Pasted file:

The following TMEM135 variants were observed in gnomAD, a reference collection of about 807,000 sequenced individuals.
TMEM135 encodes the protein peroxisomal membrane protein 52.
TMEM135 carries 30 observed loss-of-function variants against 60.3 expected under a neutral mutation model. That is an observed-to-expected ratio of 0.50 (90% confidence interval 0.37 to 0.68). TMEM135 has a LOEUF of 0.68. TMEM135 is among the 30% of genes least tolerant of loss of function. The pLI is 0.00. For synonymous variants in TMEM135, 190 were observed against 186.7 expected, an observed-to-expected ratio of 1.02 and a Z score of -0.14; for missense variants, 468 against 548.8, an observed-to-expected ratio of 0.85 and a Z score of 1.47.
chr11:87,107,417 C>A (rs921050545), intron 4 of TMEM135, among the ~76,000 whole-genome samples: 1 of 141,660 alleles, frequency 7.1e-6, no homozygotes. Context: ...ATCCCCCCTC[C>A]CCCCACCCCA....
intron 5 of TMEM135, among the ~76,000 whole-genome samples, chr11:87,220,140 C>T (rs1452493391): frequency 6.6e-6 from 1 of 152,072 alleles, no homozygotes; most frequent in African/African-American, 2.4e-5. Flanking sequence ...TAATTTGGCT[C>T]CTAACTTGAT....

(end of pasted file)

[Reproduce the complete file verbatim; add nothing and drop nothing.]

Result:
The following TMEM135 variants were observed in gnomAD, a reference collection of about 807,000 sequenced individuals.
TMEM135 encodes the protein peroxisomal membrane protein 52.
TMEM135 carries 30 observed loss-of-function variants against 60.3 expected under a neutral mutation model. That is an observed-to-expected ratio of 0.50 (90% confidence interval 0.37 to 0.68). TMEM135 has a LOEUF of 0.68. TMEM135 is among the 30% of genes least tolerant of loss of function. The pLI is 0.00. For synonymous variants in TMEM135, 190 were observed against 186.7 expected, an observed-to-expected ratio of 1.02 and a Z score of -0.14; for missense variants, 468 against 548.8, an observed-to-expected ratio of 0.85 and a Z score of 1.47.
chr11:87,107,417 C>A (rs921050545), intron 4 of TMEM135, among the ~76,000 whole-genome samples: 1 of 141,660 alleles, frequency 7.1e-6, no homozygotes. Context: ...ATCCCCCCTC[C>A]CCCCACCCCA....
intron 5 of TMEM135, among the ~76,000 whole-genome samples, chr11:87,220,140 C>T (rs1452493391): frequency 6.6e-6 from 1 of 152,072 alleles, no homozygotes; most frequent in African/African-American, 2.4e-5. Flanking sequence ...TAATTTGGCT[C>T]CTAACTTGAT....